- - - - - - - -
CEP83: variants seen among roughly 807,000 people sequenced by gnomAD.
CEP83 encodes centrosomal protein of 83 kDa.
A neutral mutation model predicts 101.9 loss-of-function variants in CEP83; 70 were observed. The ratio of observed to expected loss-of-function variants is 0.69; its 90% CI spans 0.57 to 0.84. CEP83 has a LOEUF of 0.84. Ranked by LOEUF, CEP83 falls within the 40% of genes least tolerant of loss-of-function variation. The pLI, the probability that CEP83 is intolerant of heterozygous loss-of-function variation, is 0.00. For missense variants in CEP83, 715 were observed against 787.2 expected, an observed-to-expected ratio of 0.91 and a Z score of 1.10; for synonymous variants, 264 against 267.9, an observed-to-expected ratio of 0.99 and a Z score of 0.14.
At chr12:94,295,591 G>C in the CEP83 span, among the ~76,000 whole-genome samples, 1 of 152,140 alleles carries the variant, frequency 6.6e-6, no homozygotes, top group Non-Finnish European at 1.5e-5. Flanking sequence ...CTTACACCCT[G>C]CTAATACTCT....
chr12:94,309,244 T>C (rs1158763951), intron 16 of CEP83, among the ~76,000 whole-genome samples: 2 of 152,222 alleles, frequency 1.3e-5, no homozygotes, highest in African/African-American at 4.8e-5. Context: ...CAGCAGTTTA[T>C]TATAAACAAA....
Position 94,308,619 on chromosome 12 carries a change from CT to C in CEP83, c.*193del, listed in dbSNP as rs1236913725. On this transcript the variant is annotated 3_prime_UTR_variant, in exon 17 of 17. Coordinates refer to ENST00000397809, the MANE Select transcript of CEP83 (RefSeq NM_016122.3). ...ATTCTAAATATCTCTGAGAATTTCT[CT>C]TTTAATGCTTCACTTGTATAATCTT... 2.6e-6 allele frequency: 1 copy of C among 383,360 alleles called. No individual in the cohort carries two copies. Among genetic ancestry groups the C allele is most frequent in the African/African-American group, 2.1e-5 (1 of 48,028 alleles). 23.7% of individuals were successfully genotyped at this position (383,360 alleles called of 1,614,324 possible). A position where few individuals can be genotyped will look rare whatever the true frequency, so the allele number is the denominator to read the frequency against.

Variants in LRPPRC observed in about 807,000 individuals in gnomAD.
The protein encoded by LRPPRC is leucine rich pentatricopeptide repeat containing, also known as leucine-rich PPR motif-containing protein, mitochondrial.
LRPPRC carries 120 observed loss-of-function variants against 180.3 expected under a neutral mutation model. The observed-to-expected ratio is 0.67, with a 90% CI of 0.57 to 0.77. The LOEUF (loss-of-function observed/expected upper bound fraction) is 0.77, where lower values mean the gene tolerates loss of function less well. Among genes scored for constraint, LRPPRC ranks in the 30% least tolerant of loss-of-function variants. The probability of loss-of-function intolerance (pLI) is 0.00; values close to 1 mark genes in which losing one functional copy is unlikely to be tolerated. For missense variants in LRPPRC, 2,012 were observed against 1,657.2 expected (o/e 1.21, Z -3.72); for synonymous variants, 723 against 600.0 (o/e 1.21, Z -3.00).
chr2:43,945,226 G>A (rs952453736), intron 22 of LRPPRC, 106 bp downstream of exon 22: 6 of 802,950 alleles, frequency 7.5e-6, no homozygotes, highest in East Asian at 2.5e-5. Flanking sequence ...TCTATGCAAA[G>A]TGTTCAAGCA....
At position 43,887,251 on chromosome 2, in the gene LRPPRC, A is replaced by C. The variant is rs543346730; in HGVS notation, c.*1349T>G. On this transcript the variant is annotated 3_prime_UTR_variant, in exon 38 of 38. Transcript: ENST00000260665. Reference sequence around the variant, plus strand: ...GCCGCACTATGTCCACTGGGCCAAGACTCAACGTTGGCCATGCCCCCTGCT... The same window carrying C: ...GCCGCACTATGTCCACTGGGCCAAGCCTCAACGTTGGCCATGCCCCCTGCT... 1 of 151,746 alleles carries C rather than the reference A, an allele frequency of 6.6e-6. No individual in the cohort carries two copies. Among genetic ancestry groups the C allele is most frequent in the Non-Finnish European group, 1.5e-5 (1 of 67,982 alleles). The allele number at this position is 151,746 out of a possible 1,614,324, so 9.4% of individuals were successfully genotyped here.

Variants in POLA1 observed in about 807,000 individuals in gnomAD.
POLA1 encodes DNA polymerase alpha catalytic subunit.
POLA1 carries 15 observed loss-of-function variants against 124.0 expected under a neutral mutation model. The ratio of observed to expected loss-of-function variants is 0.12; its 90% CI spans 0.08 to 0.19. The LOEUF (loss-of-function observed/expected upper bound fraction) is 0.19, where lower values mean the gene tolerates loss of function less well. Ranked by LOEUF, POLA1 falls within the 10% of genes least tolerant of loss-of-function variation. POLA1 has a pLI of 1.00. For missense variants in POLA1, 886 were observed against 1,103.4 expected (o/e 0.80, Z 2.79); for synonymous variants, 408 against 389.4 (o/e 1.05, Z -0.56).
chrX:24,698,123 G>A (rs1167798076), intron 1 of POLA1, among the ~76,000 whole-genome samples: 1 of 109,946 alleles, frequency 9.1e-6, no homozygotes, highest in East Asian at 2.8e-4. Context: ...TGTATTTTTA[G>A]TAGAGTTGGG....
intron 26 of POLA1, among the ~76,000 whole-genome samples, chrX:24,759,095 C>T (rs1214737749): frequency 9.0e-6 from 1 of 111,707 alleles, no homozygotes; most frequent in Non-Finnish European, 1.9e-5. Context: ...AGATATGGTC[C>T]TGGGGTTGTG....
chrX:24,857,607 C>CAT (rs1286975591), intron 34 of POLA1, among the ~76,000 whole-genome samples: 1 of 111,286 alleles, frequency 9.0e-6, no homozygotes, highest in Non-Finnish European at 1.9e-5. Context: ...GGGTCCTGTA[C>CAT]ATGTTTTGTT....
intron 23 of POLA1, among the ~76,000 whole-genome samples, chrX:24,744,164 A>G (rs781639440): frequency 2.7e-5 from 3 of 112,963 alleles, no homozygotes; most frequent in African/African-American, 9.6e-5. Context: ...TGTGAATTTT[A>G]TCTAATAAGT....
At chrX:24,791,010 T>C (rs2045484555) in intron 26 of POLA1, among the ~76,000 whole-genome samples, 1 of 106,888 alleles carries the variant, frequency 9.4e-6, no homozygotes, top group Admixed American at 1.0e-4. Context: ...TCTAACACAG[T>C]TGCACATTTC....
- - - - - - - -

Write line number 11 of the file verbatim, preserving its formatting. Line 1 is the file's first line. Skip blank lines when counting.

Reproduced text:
At position 43,887,251 on chromosome 2, in the gene LRPPRC, A is replaced by C. The variant is rs543346730; in HGVS notation, c.*1349T>G. On this transcript the variant is annotated 3_prime_UTR_variant, in exon 38 of 38. Transcript: ENST00000260665. Reference sequence around the variant, plus strand: ...GCCGCACTATGTCCACTGGGCCAAGACTCAACGTTGGCCATGCCCCCTGCT... The same window carrying C: ...GCCGCACTATGTCCACTGGGCCAAGCCTCAACGTTGGCCATGCCCCCTGCT... 1 of 151,746 alleles carries C rather than the reference A, an allele frequency of 6.6e-6. No individual in the cohort carries two copies. Among genetic ancestry groups the C allele is most frequent in the Non-Finnish European group, 1.5e-5 (1 of 67,982 alleles). The allele number at this position is 151,746 out of a possible 1,614,324, so 9.4% of individuals were successfully genotyped here.